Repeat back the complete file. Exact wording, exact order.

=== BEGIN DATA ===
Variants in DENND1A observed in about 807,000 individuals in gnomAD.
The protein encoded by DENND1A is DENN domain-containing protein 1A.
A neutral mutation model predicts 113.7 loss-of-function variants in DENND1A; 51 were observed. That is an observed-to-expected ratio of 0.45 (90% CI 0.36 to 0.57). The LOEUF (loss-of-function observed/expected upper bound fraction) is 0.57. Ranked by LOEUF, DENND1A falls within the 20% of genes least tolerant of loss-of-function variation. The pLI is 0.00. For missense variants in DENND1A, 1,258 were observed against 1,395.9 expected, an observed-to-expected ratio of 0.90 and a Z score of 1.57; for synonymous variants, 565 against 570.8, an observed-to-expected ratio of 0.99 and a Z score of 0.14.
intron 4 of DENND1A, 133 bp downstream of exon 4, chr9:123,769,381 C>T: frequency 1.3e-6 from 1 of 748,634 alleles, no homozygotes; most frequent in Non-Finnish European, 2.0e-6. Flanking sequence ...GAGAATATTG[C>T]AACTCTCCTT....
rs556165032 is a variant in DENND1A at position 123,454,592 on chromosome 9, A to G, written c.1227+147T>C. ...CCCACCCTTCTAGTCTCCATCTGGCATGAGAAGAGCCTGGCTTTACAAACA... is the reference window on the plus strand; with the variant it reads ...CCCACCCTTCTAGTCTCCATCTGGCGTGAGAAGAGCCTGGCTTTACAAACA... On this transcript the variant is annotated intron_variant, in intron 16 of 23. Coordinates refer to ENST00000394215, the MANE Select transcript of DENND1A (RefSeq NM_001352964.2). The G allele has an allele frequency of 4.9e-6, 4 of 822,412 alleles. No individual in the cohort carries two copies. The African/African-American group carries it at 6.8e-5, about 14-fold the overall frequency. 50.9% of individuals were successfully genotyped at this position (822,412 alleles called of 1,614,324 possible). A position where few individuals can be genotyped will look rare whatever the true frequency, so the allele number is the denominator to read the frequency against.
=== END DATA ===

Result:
Variants in DENND1A observed in about 807,000 individuals in gnomAD.
The protein encoded by DENND1A is DENN domain-containing protein 1A.
A neutral mutation model predicts 113.7 loss-of-function variants in DENND1A; 51 were observed. That is an observed-to-expected ratio of 0.45 (90% CI 0.36 to 0.57). The LOEUF (loss-of-function observed/expected upper bound fraction) is 0.57. Ranked by LOEUF, DENND1A falls within the 20% of genes least tolerant of loss-of-function variation. The pLI is 0.00. For missense variants in DENND1A, 1,258 were observed against 1,395.9 expected, an observed-to-expected ratio of 0.90 and a Z score of 1.57; for synonymous variants, 565 against 570.8, an observed-to-expected ratio of 0.99 and a Z score of 0.14.
intron 4 of DENND1A, 133 bp downstream of exon 4, chr9:123,769,381 C>T: frequency 1.3e-6 from 1 of 748,634 alleles, no homozygotes; most frequent in Non-Finnish European, 2.0e-6. Flanking sequence ...GAGAATATTG[C>T]AACTCTCCTT....
rs556165032 is a variant in DENND1A at position 123,454,592 on chromosome 9, A to G, written c.1227+147T>C. ...CCCACCCTTCTAGTCTCCATCTGGCATGAGAAGAGCCTGGCTTTACAAACA... is the reference window on the plus strand; with the variant it reads ...CCCACCCTTCTAGTCTCCATCTGGCGTGAGAAGAGCCTGGCTTTACAAACA... On this transcript the variant is annotated intron_variant, in intron 16 of 23. Coordinates refer to ENST00000394215, the MANE Select transcript of DENND1A (RefSeq NM_001352964.2). The G allele has an allele frequency of 4.9e-6, 4 of 822,412 alleles. No individual in the cohort carries two copies. The African/African-American group carries it at 6.8e-5, about 14-fold the overall frequency. 50.9% of individuals were successfully genotyped at this position (822,412 alleles called of 1,614,324 possible). A position where few individuals can be genotyped will look rare whatever the true frequency, so the allele number is the denominator to read the frequency against.